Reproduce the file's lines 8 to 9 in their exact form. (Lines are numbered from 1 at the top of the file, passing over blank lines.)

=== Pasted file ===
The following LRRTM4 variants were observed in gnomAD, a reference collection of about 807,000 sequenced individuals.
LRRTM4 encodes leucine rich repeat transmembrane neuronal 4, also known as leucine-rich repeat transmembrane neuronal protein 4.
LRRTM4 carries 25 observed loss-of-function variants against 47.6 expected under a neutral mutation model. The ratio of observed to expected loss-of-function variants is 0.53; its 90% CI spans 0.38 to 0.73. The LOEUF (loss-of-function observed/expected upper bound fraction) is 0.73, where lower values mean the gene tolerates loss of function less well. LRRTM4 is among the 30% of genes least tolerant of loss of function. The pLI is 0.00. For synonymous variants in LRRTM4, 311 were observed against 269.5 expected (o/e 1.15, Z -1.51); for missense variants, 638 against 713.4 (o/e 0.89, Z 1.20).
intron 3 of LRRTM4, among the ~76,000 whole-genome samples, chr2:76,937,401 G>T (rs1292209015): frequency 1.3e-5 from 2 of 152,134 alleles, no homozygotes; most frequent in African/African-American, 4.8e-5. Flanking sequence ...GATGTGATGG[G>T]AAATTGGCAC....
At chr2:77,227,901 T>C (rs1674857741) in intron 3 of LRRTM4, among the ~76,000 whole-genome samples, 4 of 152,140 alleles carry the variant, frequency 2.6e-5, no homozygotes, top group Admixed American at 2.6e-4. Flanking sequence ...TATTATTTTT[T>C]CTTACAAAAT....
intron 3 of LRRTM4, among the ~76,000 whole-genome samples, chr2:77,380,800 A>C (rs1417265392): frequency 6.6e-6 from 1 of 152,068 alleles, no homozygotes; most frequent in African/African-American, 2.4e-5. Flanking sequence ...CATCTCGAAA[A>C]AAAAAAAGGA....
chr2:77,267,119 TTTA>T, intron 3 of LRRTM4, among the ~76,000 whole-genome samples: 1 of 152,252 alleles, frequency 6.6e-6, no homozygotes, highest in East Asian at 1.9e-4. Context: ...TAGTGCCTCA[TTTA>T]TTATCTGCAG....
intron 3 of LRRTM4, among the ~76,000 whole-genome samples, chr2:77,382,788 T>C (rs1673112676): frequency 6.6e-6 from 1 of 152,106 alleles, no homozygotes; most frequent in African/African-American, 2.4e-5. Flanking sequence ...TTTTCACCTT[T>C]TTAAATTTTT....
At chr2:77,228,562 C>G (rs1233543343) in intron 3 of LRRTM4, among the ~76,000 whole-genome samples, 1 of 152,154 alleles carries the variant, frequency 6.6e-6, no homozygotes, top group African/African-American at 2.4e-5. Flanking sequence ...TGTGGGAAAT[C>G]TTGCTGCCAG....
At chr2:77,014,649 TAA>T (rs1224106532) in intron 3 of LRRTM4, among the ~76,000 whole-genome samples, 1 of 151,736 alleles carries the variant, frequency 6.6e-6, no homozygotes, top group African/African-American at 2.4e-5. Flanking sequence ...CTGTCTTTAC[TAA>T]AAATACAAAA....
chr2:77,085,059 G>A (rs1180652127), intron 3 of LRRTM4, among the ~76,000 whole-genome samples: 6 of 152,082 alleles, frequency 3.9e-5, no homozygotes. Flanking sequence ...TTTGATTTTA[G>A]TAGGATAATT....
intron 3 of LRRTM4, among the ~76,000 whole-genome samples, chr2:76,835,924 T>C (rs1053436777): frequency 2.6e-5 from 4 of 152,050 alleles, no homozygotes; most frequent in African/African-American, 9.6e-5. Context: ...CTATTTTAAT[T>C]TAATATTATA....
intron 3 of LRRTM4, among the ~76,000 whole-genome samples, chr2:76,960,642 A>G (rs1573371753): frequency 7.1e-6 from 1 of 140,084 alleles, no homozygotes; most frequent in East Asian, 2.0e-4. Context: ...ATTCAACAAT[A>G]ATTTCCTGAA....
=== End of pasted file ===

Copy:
intron 3 of LRRTM4, among the ~76,000 whole-genome samples, chr2:77,382,788 T>C (rs1673112676): frequency 6.6e-6 from 1 of 152,106 alleles, no homozygotes; most frequent in African/African-American, 2.4e-5. Flanking sequence ...TTTTCACCTT[T>C]TTAAATTTTT....
At chr2:77,228,562 C>G (rs1233543343) in intron 3 of LRRTM4, among the ~76,000 whole-genome samples, 1 of 152,154 alleles carries the variant, frequency 6.6e-6, no homozygotes, top group African/African-American at 2.4e-5. Flanking sequence ...TGTGGGAAAT[C>G]TTGCTGCCAG....